How credit cards can trap people in debt, and how bankruptcy can help

On Behalf of | May 1, 2024 | Bankruptcy |

Most modern households can’t balance their budgets without credit cards. Credit cards provide people with spending power in between paychecks when they may not have enough cash on hand to repair their vehicles or buy groceries.

When used very carefully, credit cards can be beneficial. However, they can quickly become a source of financial strain if the balance owed carries over from month to month. People may eventually find themselves struggling to handle their basic financial needs and contemplating different ways of handling their credit card debt.

Why does credit card use often lead to serious financial stress, and how can bankruptcy help those dealing with high credit card balances?

Credit cards are debt-generating instruments

From a lender’s perspective, the best credit card users are people who regularly charge just a bit more than they can pay off each month. These people carry a higher and higher balance over time. Their use of credit cards may then start generating fees, including over-limit fees and late payment fees.

Sometimes, credit card providers convince people that making a balance transfer by moving the amount owed from one company to another is the ideal solution to credit card debt. However, balance transfers often have special introductory rates that can lead to a sudden surge in interest owed if a borrower doesn’t pay the amount back in full by a specific date. The high interest that accrues on the account can also quickly add up to hundreds of dollars.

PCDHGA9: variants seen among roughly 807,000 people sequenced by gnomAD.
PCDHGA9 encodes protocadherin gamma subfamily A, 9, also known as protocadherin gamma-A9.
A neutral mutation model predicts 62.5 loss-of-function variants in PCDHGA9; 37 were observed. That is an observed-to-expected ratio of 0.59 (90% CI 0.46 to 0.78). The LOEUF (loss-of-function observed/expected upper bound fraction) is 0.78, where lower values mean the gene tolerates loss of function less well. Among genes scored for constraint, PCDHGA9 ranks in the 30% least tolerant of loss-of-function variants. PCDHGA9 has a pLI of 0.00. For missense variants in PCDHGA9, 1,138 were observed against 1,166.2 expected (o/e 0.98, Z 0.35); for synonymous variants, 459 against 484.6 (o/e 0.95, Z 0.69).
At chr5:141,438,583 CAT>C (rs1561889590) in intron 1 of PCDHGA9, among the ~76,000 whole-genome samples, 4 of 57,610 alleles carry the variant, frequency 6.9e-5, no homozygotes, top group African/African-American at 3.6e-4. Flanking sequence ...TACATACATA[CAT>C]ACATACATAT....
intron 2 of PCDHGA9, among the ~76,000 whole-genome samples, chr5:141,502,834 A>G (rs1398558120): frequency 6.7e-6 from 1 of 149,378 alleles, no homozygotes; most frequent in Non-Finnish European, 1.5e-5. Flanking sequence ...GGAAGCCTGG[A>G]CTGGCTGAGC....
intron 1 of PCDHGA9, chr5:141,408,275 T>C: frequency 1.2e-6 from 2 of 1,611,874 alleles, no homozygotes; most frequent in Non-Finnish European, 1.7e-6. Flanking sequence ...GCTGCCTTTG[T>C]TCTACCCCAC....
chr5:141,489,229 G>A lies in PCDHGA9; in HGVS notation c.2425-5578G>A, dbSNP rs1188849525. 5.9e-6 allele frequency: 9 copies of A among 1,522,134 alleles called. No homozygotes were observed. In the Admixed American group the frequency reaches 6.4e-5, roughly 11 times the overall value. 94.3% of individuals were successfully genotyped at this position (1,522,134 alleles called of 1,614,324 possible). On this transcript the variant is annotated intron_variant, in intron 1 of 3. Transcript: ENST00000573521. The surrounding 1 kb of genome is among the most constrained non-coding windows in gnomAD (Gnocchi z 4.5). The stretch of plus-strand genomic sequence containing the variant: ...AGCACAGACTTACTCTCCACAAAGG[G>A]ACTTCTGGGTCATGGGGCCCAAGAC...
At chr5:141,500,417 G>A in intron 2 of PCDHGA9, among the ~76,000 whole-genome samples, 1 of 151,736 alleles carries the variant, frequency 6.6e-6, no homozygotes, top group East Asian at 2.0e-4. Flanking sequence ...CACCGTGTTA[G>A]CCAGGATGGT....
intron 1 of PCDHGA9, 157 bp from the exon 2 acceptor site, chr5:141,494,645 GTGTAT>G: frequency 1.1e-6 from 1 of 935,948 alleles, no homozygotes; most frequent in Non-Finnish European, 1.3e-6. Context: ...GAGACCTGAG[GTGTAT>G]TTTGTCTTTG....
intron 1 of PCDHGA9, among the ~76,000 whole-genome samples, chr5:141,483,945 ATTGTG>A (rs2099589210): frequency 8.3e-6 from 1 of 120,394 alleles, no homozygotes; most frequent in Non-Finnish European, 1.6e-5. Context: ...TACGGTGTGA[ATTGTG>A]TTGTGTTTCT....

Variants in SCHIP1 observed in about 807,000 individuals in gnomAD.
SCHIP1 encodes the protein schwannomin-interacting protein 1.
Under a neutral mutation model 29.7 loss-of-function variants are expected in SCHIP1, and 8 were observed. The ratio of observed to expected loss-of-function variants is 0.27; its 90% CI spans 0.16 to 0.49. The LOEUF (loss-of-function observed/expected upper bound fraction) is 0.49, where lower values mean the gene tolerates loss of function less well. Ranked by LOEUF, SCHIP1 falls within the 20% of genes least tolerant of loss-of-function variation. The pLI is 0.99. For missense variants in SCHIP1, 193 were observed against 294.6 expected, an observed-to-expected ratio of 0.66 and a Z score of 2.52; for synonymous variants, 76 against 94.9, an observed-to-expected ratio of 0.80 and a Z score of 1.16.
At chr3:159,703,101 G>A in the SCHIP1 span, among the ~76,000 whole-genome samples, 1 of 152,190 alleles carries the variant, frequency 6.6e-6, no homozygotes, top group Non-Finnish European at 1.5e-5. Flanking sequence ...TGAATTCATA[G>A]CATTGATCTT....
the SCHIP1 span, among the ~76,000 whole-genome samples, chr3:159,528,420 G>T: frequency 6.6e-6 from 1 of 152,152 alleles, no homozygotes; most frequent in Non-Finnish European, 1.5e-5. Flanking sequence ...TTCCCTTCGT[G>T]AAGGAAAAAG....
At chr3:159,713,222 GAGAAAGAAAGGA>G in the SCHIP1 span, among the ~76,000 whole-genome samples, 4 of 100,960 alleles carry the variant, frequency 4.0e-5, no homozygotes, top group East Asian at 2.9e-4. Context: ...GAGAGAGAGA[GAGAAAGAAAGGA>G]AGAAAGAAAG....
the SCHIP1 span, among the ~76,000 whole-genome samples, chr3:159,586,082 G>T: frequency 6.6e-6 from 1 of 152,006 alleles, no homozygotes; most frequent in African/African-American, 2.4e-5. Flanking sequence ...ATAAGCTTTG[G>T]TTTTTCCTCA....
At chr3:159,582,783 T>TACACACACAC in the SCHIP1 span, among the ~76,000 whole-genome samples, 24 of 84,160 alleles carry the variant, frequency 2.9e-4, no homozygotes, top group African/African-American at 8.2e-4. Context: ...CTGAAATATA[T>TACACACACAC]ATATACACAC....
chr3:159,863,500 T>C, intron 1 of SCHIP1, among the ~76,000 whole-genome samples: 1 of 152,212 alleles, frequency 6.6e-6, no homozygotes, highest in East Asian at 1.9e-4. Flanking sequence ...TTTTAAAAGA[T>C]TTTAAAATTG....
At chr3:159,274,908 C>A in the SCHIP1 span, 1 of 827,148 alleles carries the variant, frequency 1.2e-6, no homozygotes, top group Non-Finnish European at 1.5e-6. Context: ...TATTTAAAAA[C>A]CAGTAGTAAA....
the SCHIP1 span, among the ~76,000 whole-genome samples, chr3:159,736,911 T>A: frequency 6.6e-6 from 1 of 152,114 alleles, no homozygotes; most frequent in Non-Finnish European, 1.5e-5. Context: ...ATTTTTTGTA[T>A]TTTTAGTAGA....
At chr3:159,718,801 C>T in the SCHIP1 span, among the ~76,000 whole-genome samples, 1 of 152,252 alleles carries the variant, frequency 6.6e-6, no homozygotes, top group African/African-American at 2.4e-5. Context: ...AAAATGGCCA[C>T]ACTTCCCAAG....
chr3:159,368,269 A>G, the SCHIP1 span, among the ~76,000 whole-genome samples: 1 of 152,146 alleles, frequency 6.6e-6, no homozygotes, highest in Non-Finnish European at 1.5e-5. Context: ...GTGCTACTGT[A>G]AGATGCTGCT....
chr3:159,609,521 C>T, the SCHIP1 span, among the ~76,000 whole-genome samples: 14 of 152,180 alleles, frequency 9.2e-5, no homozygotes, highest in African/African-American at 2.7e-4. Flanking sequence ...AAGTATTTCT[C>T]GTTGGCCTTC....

Credit card consolidation can also push people further into debt. Settlement of credit card debt often means closing lines of credit while taking on new debt, which can worsen someone’s credit score and finances.

How bankruptcy can help

Unlike a balance transfer, which just moves debt from one lender to another, bankruptcy leads to a discharge. A successful bankruptcy filing eliminates the obligation to repay a creditor in the future and prevents future collection activity on the discharge debts.

Unsecured debts, like credit card balances, are often eligible for inclusion in personal bankruptcy filings. People can eliminate their credit card debt and other insurmountable financial obligations, like medical debts. People can also file for bankruptcy as their last line of protection against aggressive collection activity, like a lender lawsuit.

Adults who recognize that their credit card balances have spiraled out of control or who face aggressive collection efforts may want to consider a personal bankruptcy filing as a way of resolving their debt issues. Discharging unsecured debts can help people rework their budgets and avoid accruing too much debt again in the future.